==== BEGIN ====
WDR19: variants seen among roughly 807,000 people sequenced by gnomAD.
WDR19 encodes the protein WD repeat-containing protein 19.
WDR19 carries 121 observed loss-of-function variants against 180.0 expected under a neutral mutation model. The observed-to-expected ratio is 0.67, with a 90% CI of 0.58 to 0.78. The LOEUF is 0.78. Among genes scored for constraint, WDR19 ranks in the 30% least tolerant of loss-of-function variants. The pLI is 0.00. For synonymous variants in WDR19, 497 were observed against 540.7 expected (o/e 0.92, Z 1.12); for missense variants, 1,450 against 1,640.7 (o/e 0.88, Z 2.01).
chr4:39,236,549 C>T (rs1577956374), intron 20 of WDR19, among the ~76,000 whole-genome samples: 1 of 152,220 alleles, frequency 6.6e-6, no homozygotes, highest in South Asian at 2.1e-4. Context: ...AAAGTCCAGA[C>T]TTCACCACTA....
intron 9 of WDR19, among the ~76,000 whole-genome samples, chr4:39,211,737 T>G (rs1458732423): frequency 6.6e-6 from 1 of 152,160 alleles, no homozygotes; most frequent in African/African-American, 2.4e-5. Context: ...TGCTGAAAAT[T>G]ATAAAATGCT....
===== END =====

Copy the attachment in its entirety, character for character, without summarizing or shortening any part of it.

WDR19: variants seen among roughly 807,000 people sequenced by gnomAD.
WDR19 encodes the protein WD repeat-containing protein 19.
WDR19 carries 121 observed loss-of-function variants against 180.0 expected under a neutral mutation model. The observed-to-expected ratio is 0.67, with a 90% CI of 0.58 to 0.78. The LOEUF is 0.78. Among genes scored for constraint, WDR19 ranks in the 30% least tolerant of loss-of-function variants. The pLI is 0.00. For synonymous variants in WDR19, 497 were observed against 540.7 expected (o/e 0.92, Z 1.12); for missense variants, 1,450 against 1,640.7 (o/e 0.88, Z 2.01).
chr4:39,236,549 C>T (rs1577956374), intron 20 of WDR19, among the ~76,000 whole-genome samples: 1 of 152,220 alleles, frequency 6.6e-6, no homozygotes, highest in South Asian at 2.1e-4. Context: ...AAAGTCCAGA[C>T]TTCACCACTA....
intron 9 of WDR19, among the ~76,000 whole-genome samples, chr4:39,211,737 T>G (rs1458732423): frequency 6.6e-6 from 1 of 152,160 alleles, no homozygotes; most frequent in African/African-American, 2.4e-5. Context: ...TGCTGAAAAT[T>G]ATAAAATGCT....